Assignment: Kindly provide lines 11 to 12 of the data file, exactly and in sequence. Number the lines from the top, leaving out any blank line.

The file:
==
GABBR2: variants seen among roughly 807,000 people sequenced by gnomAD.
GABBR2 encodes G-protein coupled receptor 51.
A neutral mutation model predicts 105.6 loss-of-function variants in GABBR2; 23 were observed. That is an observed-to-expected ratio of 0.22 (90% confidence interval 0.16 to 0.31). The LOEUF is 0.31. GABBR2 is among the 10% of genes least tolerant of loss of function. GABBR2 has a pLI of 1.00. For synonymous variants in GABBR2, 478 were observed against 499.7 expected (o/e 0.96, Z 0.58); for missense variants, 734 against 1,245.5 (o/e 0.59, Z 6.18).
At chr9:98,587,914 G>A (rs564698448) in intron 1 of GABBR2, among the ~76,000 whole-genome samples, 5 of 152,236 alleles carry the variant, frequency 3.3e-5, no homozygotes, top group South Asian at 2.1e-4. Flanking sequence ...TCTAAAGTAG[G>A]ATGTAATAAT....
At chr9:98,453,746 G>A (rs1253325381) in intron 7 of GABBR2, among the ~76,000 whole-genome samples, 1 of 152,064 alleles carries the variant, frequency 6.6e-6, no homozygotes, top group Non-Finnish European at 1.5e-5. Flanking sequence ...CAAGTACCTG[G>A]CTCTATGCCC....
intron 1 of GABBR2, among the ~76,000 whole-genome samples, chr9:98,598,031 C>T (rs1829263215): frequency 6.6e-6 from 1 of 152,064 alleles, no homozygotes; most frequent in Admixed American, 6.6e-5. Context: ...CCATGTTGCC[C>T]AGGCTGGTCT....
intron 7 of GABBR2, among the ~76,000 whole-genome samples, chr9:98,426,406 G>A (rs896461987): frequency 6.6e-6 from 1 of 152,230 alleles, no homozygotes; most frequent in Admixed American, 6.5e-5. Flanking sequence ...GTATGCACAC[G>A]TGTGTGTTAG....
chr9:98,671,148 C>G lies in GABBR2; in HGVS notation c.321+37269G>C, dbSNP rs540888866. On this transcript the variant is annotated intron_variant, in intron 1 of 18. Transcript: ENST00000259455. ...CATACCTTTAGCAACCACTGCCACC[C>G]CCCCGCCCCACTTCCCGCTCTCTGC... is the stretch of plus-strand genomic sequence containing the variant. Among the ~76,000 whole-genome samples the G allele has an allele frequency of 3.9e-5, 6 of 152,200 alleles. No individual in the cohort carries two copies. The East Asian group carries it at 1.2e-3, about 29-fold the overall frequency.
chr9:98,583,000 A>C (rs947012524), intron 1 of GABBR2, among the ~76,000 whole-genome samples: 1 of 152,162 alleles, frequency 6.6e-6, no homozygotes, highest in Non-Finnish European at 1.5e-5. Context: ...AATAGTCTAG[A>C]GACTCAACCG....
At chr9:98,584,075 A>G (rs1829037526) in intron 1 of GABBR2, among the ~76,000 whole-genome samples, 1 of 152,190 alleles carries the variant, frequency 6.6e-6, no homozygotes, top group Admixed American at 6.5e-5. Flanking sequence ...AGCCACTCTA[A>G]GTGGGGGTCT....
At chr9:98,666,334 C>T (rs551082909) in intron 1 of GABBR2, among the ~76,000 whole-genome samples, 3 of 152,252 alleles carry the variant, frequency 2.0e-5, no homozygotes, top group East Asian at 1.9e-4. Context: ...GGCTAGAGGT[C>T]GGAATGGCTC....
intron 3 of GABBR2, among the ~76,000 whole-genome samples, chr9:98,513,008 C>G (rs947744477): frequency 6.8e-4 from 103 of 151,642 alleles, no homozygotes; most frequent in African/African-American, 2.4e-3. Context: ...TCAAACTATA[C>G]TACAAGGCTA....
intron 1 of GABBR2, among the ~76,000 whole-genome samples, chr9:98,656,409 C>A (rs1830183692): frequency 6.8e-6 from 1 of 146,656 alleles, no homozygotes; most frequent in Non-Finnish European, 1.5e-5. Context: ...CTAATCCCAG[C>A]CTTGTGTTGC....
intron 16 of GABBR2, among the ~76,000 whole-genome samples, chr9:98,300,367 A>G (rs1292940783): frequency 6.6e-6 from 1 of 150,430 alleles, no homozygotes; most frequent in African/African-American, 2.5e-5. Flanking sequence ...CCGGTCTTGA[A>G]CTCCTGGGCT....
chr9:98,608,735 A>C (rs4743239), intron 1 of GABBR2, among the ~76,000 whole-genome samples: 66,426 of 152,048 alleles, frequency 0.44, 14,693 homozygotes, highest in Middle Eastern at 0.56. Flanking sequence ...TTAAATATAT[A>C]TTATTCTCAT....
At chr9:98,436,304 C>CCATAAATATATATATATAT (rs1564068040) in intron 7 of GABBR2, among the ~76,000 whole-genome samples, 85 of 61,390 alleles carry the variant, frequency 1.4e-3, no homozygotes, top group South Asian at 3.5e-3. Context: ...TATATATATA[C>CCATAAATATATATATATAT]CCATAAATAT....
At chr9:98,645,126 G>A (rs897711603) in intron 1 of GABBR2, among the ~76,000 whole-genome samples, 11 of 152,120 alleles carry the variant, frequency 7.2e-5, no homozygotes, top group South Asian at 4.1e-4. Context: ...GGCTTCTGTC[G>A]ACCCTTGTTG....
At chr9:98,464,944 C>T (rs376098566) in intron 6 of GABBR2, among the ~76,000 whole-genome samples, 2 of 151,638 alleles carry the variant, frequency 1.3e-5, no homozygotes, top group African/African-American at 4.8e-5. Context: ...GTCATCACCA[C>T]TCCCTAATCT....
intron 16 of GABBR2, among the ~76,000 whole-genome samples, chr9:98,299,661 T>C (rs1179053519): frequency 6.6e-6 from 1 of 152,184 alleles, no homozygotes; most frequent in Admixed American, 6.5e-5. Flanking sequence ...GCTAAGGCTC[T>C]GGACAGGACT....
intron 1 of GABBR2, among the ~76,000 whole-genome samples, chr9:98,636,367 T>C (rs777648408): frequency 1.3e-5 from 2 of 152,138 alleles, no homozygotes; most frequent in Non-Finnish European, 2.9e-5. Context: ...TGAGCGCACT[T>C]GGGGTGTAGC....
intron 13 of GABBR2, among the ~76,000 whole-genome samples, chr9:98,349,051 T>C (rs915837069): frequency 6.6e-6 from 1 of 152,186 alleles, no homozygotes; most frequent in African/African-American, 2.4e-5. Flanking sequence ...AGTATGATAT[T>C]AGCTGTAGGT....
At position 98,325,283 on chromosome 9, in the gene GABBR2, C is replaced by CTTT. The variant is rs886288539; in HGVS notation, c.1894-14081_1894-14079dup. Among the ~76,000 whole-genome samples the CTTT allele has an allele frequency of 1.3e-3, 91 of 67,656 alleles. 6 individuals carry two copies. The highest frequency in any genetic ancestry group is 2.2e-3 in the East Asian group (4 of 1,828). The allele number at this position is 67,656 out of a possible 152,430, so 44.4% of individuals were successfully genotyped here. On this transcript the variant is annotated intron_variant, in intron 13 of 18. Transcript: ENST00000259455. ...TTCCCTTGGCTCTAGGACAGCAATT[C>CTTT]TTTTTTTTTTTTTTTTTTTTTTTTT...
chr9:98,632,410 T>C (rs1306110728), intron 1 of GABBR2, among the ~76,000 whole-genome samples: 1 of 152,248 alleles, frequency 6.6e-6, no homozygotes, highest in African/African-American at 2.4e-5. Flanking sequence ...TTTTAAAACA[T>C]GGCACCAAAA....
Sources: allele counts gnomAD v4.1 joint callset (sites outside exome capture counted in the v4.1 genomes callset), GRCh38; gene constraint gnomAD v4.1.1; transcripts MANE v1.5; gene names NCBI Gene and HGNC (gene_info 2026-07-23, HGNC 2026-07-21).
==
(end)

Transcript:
At chr9:98,666,334 C>T (rs551082909) in intron 1 of GABBR2, among the ~76,000 whole-genome samples, 3 of 152,252 alleles carry the variant, frequency 2.0e-5, no homozygotes, top group East Asian at 1.9e-4. Context: ...GGCTAGAGGT[C>T]GGAATGGCTC....
intron 3 of GABBR2, among the ~76,000 whole-genome samples, chr9:98,513,008 C>G (rs947744477): frequency 6.8e-4 from 103 of 151,642 alleles, no homozygotes; most frequent in African/African-American, 2.4e-3. Context: ...TCAAACTATA[C>G]TACAAGGCTA....